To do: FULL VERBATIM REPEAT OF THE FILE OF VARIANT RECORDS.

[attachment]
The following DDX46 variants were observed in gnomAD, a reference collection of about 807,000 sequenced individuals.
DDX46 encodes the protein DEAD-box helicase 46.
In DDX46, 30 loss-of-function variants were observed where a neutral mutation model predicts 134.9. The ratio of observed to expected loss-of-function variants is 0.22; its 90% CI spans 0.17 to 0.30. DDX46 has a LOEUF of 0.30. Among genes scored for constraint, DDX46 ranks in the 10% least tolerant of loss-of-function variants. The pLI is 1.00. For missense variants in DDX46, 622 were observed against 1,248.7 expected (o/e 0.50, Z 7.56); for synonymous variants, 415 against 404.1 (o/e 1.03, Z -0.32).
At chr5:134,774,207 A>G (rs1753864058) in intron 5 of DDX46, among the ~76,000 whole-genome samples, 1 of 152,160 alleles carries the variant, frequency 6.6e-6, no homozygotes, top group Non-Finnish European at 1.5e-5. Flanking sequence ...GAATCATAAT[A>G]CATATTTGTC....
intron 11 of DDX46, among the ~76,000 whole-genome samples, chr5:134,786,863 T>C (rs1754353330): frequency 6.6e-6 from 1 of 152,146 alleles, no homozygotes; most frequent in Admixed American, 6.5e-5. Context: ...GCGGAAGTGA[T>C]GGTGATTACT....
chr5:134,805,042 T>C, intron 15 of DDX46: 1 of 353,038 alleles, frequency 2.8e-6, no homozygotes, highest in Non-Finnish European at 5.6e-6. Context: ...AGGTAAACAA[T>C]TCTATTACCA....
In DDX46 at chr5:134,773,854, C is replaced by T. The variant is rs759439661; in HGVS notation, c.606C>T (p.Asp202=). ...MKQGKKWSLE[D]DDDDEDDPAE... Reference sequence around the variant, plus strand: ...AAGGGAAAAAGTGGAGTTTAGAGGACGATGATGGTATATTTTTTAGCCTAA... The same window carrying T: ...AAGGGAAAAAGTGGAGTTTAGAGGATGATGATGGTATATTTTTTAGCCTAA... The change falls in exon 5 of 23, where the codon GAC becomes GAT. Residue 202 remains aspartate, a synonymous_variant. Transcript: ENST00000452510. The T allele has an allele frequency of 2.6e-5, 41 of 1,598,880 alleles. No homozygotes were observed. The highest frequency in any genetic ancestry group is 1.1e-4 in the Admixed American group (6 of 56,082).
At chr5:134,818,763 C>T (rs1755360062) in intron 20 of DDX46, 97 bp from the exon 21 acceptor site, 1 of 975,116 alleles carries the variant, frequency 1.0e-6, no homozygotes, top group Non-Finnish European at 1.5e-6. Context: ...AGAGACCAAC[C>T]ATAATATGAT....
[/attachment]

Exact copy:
The following DDX46 variants were observed in gnomAD, a reference collection of about 807,000 sequenced individuals.
DDX46 encodes the protein DEAD-box helicase 46.
In DDX46, 30 loss-of-function variants were observed where a neutral mutation model predicts 134.9. The ratio of observed to expected loss-of-function variants is 0.22; its 90% CI spans 0.17 to 0.30. DDX46 has a LOEUF of 0.30. Among genes scored for constraint, DDX46 ranks in the 10% least tolerant of loss-of-function variants. The pLI is 1.00. For missense variants in DDX46, 622 were observed against 1,248.7 expected (o/e 0.50, Z 7.56); for synonymous variants, 415 against 404.1 (o/e 1.03, Z -0.32).
At chr5:134,774,207 A>G (rs1753864058) in intron 5 of DDX46, among the ~76,000 whole-genome samples, 1 of 152,160 alleles carries the variant, frequency 6.6e-6, no homozygotes, top group Non-Finnish European at 1.5e-5. Flanking sequence ...GAATCATAAT[A>G]CATATTTGTC....
intron 11 of DDX46, among the ~76,000 whole-genome samples, chr5:134,786,863 T>C (rs1754353330): frequency 6.6e-6 from 1 of 152,146 alleles, no homozygotes; most frequent in Admixed American, 6.5e-5. Context: ...GCGGAAGTGA[T>C]GGTGATTACT....
chr5:134,805,042 T>C, intron 15 of DDX46: 1 of 353,038 alleles, frequency 2.8e-6, no homozygotes, highest in Non-Finnish European at 5.6e-6. Context: ...AGGTAAACAA[T>C]TCTATTACCA....
In DDX46 at chr5:134,773,854, C is replaced by T. The variant is rs759439661; in HGVS notation, c.606C>T (p.Asp202=). ...MKQGKKWSLE[D]DDDDEDDPAE... Reference sequence around the variant, plus strand: ...AAGGGAAAAAGTGGAGTTTAGAGGACGATGATGGTATATTTTTTAGCCTAA... The same window carrying T: ...AAGGGAAAAAGTGGAGTTTAGAGGATGATGATGGTATATTTTTTAGCCTAA... The change falls in exon 5 of 23, where the codon GAC becomes GAT. Residue 202 remains aspartate, a synonymous_variant. Transcript: ENST00000452510. The T allele has an allele frequency of 2.6e-5, 41 of 1,598,880 alleles. No homozygotes were observed. The highest frequency in any genetic ancestry group is 1.1e-4 in the Admixed American group (6 of 56,082).
At chr5:134,818,763 C>T (rs1755360062) in intron 20 of DDX46, 97 bp from the exon 21 acceptor site, 1 of 975,116 alleles carries the variant, frequency 1.0e-6, no homozygotes, top group Non-Finnish European at 1.5e-6. Context: ...AGAGACCAAC[C>T]ATAATATGAT....